The Short film “Wolf Who Cried Boy” is a Modest Film with Two Powerhouse Black Actors

As more than one actress, actor and cultural critic pointed out during the #OscarSoWhite furor, the issue has almost nothing to do with awards and everything to do with opportunity. Actors of color simply don’t get the range of opportunity that white actors and actresses do. Even thespians of color who score Oscar nominations – and the rare win – find themselves scrambling for work to a far greater extent than their similarly applauded white counterparts.

Proof of that can be found in the career trajectories of Barkhad Abdi and Dwight Henry. Somali-American Abdi scored a Best Supporting Actor nomination for his role in the 2013 film Captain Phillips. His debut acting job, it snared him a BAFTA.  Henry, whose heartbreaking turn as the embattled father in 2012’s Beasts of the Southern Wild dazzled critics (he won an NAACP Award) and also was his very first acting gig ever. (He owned and ran a bakery before that.) Each man’s filmography following their breakout roles has been skimpy at best.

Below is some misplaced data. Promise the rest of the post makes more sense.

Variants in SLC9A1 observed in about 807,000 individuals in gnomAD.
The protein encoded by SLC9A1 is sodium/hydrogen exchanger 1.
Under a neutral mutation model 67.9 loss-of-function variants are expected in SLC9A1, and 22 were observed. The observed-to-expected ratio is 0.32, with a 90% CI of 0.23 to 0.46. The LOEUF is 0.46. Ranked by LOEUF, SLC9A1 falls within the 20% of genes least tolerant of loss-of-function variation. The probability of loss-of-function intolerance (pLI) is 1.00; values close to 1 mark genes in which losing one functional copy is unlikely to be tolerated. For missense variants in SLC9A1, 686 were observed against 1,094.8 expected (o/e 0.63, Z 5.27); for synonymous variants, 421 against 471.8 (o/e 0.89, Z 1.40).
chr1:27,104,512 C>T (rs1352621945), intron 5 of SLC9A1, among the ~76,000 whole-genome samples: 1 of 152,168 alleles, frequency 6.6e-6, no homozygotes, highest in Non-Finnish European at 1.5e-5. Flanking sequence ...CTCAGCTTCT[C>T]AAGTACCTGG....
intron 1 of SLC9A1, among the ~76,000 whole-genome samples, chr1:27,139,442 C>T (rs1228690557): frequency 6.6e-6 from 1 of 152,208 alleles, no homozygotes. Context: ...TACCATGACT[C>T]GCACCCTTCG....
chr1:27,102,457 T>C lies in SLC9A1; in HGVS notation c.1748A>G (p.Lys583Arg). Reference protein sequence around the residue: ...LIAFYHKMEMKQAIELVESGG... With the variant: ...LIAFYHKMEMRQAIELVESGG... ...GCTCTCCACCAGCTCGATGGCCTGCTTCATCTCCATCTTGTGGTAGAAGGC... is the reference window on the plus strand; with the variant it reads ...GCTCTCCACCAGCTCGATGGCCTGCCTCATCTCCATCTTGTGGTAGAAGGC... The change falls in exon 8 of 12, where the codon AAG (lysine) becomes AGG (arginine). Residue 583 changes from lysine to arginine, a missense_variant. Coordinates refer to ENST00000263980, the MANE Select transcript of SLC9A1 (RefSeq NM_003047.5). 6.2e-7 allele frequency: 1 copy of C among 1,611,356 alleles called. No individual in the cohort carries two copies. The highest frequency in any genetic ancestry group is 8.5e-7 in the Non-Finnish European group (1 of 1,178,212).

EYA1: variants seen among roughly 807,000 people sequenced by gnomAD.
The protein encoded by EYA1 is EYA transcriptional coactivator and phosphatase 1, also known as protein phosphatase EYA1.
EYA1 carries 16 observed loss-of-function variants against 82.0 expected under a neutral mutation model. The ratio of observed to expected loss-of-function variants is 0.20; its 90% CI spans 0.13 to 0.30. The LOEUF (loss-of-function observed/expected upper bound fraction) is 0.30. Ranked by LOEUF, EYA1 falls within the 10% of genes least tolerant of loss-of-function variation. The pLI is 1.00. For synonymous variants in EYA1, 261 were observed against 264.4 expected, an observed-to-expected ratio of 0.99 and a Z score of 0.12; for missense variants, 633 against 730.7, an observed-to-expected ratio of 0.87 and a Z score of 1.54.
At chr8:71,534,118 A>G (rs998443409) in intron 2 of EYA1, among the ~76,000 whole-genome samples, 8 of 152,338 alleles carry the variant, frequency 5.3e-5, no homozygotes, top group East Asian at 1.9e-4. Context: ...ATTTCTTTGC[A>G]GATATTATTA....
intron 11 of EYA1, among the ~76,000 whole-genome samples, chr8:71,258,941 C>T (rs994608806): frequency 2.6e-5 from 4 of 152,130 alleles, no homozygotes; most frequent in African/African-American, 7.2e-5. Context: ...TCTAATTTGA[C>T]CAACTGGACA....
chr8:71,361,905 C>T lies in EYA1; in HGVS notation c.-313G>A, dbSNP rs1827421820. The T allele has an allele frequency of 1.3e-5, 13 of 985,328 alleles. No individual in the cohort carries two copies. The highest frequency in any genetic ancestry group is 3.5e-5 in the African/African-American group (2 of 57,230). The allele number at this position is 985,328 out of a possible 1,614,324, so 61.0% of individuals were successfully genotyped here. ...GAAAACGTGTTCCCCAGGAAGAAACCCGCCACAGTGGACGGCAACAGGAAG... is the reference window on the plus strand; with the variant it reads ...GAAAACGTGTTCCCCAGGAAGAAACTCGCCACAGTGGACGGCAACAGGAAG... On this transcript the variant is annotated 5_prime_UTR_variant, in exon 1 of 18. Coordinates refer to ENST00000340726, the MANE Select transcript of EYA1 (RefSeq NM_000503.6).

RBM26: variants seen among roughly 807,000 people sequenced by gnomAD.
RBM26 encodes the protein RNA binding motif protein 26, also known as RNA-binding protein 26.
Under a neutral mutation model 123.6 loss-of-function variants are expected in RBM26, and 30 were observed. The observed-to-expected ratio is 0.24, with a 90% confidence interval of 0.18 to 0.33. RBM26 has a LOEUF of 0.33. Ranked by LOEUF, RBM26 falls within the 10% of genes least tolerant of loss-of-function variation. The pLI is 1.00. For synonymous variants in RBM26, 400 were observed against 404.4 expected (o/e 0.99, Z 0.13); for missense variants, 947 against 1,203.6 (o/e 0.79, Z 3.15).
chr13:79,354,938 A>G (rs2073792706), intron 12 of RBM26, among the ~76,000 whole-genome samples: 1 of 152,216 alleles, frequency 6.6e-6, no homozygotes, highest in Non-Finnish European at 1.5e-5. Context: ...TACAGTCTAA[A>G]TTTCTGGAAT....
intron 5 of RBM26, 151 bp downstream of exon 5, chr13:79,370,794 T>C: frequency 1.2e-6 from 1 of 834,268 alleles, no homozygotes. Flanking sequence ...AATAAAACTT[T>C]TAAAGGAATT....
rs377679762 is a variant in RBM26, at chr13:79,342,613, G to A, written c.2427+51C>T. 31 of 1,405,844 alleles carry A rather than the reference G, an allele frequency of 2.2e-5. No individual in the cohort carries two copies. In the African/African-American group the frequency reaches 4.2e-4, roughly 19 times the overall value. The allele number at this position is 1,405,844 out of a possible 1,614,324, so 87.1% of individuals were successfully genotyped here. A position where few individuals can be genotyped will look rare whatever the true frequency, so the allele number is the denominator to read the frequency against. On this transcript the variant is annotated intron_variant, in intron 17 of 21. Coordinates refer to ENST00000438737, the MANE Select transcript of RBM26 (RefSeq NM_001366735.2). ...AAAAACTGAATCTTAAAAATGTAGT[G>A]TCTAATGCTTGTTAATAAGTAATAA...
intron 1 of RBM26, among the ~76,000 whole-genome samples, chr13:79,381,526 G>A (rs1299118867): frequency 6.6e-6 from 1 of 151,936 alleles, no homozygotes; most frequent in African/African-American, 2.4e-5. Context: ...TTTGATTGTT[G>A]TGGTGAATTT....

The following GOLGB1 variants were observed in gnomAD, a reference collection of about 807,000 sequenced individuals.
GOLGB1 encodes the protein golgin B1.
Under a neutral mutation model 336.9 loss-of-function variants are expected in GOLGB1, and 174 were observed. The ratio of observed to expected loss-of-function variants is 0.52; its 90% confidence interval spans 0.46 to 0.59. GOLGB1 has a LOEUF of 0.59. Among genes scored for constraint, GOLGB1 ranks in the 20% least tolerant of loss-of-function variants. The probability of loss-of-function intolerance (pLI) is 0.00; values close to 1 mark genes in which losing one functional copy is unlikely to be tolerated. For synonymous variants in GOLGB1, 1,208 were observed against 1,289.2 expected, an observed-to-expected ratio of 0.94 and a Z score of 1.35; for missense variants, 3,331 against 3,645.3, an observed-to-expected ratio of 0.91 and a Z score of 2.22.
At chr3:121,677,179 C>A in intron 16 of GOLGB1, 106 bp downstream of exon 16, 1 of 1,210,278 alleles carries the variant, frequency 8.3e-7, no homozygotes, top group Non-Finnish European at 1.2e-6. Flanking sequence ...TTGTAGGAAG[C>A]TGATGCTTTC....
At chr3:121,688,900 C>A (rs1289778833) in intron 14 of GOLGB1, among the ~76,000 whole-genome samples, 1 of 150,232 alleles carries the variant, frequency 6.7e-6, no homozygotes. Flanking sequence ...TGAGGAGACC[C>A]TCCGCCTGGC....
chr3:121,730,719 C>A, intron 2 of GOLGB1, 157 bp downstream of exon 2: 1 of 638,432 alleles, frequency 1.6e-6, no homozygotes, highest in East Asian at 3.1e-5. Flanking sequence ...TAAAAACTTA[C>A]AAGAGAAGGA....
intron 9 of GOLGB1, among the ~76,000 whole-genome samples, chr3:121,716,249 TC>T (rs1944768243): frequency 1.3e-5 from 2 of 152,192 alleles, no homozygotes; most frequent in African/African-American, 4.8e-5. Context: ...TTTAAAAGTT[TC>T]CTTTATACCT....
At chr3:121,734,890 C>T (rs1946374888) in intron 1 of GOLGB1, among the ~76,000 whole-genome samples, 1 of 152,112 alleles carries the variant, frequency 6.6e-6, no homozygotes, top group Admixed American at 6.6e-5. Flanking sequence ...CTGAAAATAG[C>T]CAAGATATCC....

From "Wolf Who Cried Boy." Photo by Wallace Michael Chrouch.

From “Wolf Who Cried Boy.” Photo by Wallace Michael Chrouch.

It’s therefore (almost) an embarrassment of riches to have them both turn up in the new short film Wolf Who Cried Boy. Their characters Reggie (Henry) and Koney (Abdi) flank that of Liam (Torrey Whigfield,) a poor white kid without family or resources, and whose tale this really is. Co-written and co-directed by Luke Jaden and Cort Johns, the Detroit-set Wolf casts the Motor City’s well-documented deterioration as a character in its own right in this tale of poor scrap dealers battling over metal parts in the struggle just to live. The film is crisply shot by Mike Berlucchi, whose camera captures the stubbornly undefeated spirit of characters who’ve almost been defeated. The film has an ambiguous ending, but that ambiguity creates in the viewer a subset of questions unintended by the filmmakers – namely how and why actors of the caliber of Henry and Abdi (especially Henry, who is barely used) get so little work that a modest short becomes one of the rare opportunities to see either.